K-PAX boasts two impressive performances from Kevin Spacey and Jeff Bridges, but lacks real power in its story. Based on the novel by Gene Brewer, K-PAX deals with the relationship between psychiatrist Mark Powell (Bridges, The Contender, Simpatico) and patient Prot (Spacey, Pay It Forward, The Big Kahuna). Prot claims to be from the planet K-PAX, which Powell obviously believes is some delusion. The problem is that Prot can be extremely convincing. He has an aversion to bright light and can see outside the visible spectrum. He has knowledge that far surpasses current scientific trends, some of which he reveals and some of which he does not.
Director Iain Softley (The Wings of the Dove, Hackers) and adapter Charles Leavitt (The Jennie Project, The Mighty) take their time in moving the story forward. Nothing happens for a long time. It feels like they are setting up something that never happens. Once the plot begins to gel, Softley reveals one tidbit, then another at his own pace. Things finally begin to move near the end. Prot declares that he is going back to K-PAX, and he may take one of his fellow patients. This revelation scares Powell, who believes that Prot may harm himself. The patients are of the movie patient variety. Rather than truly sick, they are more cute and harmless.
This is a role reversal of sorts for Bridges, who played something akin to the Prot character in 1984's Starman. As the psychiatrist, Bridges has a calming presence, serving as the anchor for the movie. He is the link to reality, and Bridges' always assured performance keeps the audience grounded. Spacey has a much harder job to do. He needs to accurately portray somebody who may or may not be delusional. Spacey takes a neutral approach to the role. He does not overplay the potential psychoses of Prot. Instead, he speaks deliberately and matter-of-factly. He measures all his actions, quite possibly like an alien would. Watching the interplay between Spacey and Bridges is the best part of K-PAX.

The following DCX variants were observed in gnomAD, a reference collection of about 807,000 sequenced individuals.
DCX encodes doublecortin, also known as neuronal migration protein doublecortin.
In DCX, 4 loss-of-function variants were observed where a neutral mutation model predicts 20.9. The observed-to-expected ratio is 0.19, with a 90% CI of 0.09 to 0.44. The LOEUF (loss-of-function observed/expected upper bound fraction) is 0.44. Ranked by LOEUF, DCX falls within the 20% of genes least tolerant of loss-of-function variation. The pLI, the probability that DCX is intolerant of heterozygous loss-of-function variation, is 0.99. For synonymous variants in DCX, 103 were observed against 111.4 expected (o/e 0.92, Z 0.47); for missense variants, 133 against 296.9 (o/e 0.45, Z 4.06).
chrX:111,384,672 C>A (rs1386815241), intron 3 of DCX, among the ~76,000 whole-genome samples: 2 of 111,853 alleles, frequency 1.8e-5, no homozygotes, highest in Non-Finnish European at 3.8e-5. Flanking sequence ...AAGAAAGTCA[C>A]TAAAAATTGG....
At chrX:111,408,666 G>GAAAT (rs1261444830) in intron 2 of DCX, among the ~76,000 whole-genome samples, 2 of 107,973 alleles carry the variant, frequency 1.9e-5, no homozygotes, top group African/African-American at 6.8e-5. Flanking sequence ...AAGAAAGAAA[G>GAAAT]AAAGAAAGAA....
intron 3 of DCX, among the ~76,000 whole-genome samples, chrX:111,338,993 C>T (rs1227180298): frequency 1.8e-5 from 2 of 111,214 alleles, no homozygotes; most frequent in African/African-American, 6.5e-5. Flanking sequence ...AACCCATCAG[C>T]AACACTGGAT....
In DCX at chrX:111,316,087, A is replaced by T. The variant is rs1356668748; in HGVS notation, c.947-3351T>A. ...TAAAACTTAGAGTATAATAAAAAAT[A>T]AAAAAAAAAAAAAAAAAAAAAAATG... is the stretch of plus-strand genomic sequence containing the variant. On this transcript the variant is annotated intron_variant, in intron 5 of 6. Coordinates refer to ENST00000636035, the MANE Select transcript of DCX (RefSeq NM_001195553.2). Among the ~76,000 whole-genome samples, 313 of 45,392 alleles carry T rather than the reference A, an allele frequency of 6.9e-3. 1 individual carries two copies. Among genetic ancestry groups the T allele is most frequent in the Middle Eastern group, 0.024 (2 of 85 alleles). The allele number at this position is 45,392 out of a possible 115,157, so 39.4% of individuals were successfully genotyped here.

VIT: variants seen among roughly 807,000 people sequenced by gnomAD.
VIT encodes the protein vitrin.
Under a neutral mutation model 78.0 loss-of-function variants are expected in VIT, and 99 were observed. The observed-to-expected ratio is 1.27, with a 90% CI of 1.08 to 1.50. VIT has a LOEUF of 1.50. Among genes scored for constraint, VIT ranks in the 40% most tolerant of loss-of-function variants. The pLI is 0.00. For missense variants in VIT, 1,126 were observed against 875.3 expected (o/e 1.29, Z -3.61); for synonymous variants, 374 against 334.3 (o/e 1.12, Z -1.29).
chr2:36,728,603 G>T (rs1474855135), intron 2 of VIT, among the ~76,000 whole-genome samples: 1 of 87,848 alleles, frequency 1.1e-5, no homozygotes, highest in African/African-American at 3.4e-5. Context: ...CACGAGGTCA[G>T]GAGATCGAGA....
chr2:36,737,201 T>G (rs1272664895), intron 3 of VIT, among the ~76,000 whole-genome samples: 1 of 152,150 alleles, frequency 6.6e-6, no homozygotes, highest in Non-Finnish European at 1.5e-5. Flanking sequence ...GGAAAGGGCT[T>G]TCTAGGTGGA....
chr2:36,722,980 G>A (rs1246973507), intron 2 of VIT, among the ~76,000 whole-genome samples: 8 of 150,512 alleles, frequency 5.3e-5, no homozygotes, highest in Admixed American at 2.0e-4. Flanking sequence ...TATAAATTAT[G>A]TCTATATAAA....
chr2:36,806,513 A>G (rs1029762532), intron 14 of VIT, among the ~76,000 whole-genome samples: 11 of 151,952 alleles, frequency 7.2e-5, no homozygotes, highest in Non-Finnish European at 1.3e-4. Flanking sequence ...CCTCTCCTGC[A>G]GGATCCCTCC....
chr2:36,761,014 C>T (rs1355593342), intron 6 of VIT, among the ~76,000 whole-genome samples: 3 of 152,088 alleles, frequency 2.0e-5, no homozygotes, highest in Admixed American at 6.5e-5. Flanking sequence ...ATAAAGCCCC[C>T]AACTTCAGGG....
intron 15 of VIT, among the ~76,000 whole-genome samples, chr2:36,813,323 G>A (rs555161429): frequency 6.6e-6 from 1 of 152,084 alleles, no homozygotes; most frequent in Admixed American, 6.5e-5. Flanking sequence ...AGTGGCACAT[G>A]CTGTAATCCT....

What Softley does correctly is assume the audience has a brain. There is an ending, but it is up to each person watching to decide whether or not Prot is actually an extraterrestrial. Still, the story cannot resist the temptation to become mushy. Prot may be there for mental help, but he is the one who ends up helping everybody, including Powell who is estranged from his son. Prot's offer to take a companion to K-PAX gives all his fellow patients hope and possibly the push they need to cure themselves. Aside from the ambiguous ending, everything wraps up a little too nicely, leaving K-PAX as a whole worse off.
|Haro Rates It: Not Bad.|
|1 hour, 58 minutes, Rated PG-13 for a sequence of violent images, and brief language and sensuality.|
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